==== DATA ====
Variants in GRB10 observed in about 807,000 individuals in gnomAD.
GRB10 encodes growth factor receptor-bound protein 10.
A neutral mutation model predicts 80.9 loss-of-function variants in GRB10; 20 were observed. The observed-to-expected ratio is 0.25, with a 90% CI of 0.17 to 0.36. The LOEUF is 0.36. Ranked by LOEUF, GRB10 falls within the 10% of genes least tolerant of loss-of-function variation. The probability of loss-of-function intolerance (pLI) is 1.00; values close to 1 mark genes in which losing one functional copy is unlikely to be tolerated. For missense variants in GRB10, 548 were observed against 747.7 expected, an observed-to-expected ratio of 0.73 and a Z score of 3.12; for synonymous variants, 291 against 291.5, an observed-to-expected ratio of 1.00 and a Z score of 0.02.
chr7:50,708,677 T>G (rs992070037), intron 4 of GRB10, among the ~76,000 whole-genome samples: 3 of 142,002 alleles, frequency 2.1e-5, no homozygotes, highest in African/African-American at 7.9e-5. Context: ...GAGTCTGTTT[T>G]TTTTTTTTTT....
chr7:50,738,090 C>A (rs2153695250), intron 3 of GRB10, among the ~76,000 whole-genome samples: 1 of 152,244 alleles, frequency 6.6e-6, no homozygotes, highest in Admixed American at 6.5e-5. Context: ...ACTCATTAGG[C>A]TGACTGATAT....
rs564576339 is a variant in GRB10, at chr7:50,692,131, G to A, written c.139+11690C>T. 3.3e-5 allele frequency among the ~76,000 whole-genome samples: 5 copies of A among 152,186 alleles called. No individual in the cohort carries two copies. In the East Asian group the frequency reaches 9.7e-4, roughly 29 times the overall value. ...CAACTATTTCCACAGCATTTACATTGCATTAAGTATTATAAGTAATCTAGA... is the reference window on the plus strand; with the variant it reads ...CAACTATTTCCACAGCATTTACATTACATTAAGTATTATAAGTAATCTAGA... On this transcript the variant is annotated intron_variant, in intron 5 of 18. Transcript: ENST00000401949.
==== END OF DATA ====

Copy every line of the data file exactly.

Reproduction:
Variants in GRB10 observed in about 807,000 individuals in gnomAD.
GRB10 encodes growth factor receptor-bound protein 10.
A neutral mutation model predicts 80.9 loss-of-function variants in GRB10; 20 were observed. The observed-to-expected ratio is 0.25, with a 90% CI of 0.17 to 0.36. The LOEUF is 0.36. Ranked by LOEUF, GRB10 falls within the 10% of genes least tolerant of loss-of-function variation. The probability of loss-of-function intolerance (pLI) is 1.00; values close to 1 mark genes in which losing one functional copy is unlikely to be tolerated. For missense variants in GRB10, 548 were observed against 747.7 expected, an observed-to-expected ratio of 0.73 and a Z score of 3.12; for synonymous variants, 291 against 291.5, an observed-to-expected ratio of 1.00 and a Z score of 0.02.
chr7:50,708,677 T>G (rs992070037), intron 4 of GRB10, among the ~76,000 whole-genome samples: 3 of 142,002 alleles, frequency 2.1e-5, no homozygotes, highest in African/African-American at 7.9e-5. Context: ...GAGTCTGTTT[T>G]TTTTTTTTTT....
chr7:50,738,090 C>A (rs2153695250), intron 3 of GRB10, among the ~76,000 whole-genome samples: 1 of 152,244 alleles, frequency 6.6e-6, no homozygotes, highest in Admixed American at 6.5e-5. Context: ...ACTCATTAGG[C>A]TGACTGATAT....
rs564576339 is a variant in GRB10, at chr7:50,692,131, G to A, written c.139+11690C>T. 3.3e-5 allele frequency among the ~76,000 whole-genome samples: 5 copies of A among 152,186 alleles called. No individual in the cohort carries two copies. In the East Asian group the frequency reaches 9.7e-4, roughly 29 times the overall value. ...CAACTATTTCCACAGCATTTACATTGCATTAAGTATTATAAGTAATCTAGA... is the reference window on the plus strand; with the variant it reads ...CAACTATTTCCACAGCATTTACATTACATTAAGTATTATAAGTAATCTAGA... On this transcript the variant is annotated intron_variant, in intron 5 of 18. Transcript: ENST00000401949.